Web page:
Delphinium or Speronella
The Delphinium are perennial or annual plants, the species are many, a few hundred, spread a little throughout the northern hemisphere and in Africa; in the garden they mainly grow hybrids, the annual ones are related to Delphinium ajacis, while the perennial varieties are generally crossed with Delphinium alpinum, a species widespread in nature also in Italy.
They produce a dense tuft of large finely divided leaves, or very elegant palmate shaped, bright green in color; from late spring, until the end of summer, a thin stem rises between the leaves which at the apex bears numerous large flowers, usually blue or pink, intensely colored, very beautiful and elegant, also used as cut flowers. A single plant sometimes carries several ears, and the flowering is quite long.
Often they are grown in pots, or in large flowerbeds; generally if placed in the open ground, in the garden, i delphinium they appear more conspicuous if planted in a certain number of specimens.
There are many hybrids, as well as the colors, generally always in shades of blue or lilac, there are also white flower varieties, or with double and double flowers.
They are typical plants of the Mediterranean garden, they love a slightly calcareous soil, even stony and dry, in a sunny place; generally the delphiniums are sown directly at home, because the root system tends not to love being moved or handled.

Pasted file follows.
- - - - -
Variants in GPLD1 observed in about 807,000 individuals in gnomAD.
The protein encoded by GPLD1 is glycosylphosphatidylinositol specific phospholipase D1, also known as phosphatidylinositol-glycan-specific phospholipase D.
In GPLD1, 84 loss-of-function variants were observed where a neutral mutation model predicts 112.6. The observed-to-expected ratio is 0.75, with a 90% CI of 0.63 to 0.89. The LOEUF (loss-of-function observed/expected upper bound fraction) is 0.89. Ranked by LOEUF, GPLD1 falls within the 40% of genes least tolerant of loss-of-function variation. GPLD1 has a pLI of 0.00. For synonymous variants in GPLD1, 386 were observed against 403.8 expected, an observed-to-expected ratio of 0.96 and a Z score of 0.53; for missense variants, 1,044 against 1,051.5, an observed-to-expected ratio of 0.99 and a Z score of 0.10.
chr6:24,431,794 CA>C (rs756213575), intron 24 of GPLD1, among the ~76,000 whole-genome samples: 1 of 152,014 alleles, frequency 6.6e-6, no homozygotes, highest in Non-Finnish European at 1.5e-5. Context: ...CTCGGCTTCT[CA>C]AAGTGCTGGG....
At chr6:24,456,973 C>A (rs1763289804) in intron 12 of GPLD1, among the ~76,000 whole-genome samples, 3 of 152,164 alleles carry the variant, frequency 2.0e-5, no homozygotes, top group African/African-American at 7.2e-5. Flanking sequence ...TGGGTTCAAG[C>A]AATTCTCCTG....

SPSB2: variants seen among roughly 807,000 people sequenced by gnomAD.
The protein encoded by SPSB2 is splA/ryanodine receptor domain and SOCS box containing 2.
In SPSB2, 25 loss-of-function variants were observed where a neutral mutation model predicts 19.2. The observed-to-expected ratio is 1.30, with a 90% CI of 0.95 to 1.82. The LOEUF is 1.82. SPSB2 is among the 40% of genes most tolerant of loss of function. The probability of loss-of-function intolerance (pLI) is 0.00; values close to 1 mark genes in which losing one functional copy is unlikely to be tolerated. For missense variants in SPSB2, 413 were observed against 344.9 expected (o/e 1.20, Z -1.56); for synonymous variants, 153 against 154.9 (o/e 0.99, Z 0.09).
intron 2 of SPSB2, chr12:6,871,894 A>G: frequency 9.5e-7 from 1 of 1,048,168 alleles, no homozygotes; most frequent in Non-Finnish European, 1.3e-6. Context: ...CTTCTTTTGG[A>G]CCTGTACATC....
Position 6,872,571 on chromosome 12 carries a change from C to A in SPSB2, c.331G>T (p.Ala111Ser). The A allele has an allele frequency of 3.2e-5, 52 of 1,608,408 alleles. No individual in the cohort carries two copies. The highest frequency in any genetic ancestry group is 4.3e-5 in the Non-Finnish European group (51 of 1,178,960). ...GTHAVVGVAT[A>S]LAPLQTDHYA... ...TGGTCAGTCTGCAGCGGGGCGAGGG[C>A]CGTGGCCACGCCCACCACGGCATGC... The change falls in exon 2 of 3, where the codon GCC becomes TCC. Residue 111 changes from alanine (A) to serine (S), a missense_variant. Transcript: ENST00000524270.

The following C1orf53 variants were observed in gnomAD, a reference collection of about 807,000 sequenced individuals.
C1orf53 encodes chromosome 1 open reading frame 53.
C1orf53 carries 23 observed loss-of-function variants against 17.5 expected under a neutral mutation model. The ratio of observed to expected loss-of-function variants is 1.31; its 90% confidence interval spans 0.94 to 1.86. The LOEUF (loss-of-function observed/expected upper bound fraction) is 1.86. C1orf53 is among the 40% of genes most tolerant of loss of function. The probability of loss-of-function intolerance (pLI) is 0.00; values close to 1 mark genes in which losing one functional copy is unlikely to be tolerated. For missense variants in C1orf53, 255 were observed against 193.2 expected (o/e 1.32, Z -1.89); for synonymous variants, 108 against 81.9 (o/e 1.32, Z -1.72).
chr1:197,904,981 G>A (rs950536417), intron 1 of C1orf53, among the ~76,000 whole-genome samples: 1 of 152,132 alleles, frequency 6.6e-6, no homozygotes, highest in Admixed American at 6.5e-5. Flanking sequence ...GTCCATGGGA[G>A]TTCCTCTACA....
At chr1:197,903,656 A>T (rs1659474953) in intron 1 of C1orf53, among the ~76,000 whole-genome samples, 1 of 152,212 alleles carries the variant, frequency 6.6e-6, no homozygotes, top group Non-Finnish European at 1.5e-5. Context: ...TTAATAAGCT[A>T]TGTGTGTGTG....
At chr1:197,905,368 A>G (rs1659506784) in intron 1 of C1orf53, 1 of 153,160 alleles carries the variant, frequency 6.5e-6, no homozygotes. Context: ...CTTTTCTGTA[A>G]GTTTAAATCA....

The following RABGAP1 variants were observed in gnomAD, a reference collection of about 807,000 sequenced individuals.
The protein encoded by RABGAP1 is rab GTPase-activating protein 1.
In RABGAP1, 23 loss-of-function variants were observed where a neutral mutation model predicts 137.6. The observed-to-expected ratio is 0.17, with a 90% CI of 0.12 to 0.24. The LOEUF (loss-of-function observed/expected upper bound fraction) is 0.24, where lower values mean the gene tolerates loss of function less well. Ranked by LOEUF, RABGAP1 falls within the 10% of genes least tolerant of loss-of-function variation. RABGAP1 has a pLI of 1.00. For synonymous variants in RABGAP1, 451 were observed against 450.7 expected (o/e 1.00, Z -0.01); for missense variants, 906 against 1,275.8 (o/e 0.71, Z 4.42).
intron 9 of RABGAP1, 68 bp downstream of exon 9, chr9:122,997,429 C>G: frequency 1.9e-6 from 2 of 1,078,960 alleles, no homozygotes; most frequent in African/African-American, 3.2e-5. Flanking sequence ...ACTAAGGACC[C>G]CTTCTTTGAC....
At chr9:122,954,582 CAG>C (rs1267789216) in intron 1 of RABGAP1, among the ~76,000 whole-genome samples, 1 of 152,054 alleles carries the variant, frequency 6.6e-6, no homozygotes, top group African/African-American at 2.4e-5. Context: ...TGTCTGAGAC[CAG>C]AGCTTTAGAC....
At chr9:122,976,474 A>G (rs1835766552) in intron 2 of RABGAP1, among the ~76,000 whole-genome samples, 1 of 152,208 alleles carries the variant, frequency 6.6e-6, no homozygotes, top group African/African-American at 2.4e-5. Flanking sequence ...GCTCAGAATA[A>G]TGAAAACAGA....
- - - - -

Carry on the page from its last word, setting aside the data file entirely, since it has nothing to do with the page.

They are annual plants, however the seeds do not particularly fear the cold, and in general the sowing at the end of winter tends not to guarantee a good flowering in the new seedlings; therefore in general they are sown directly in the autumn, when the summer heat has given way to a more humid and cool climate. In fact i delphinium Annuals often tend to self-seed, and although they are plants that completely dry up in the cold, the following year we will find new seedlings in the flowerbed, generated from the seeds of the previous year.
If we fear that in the area where we live the winter climate is excessively harsh we sow the annual delphiniums in autumn in small pots, which we will keep in a cool place sheltered from frost: in the spring we will place the seedlings in the ground, taking care to keep the bread intact of land that is around the roots.
The plants of Larkspur they are not very demanding, they may need watering in case of prolonged drought, but generally they are satisfied with the water naturally supplied by bad weather; we are going to water the young seedlings in particular, in case the spring is particularly dry.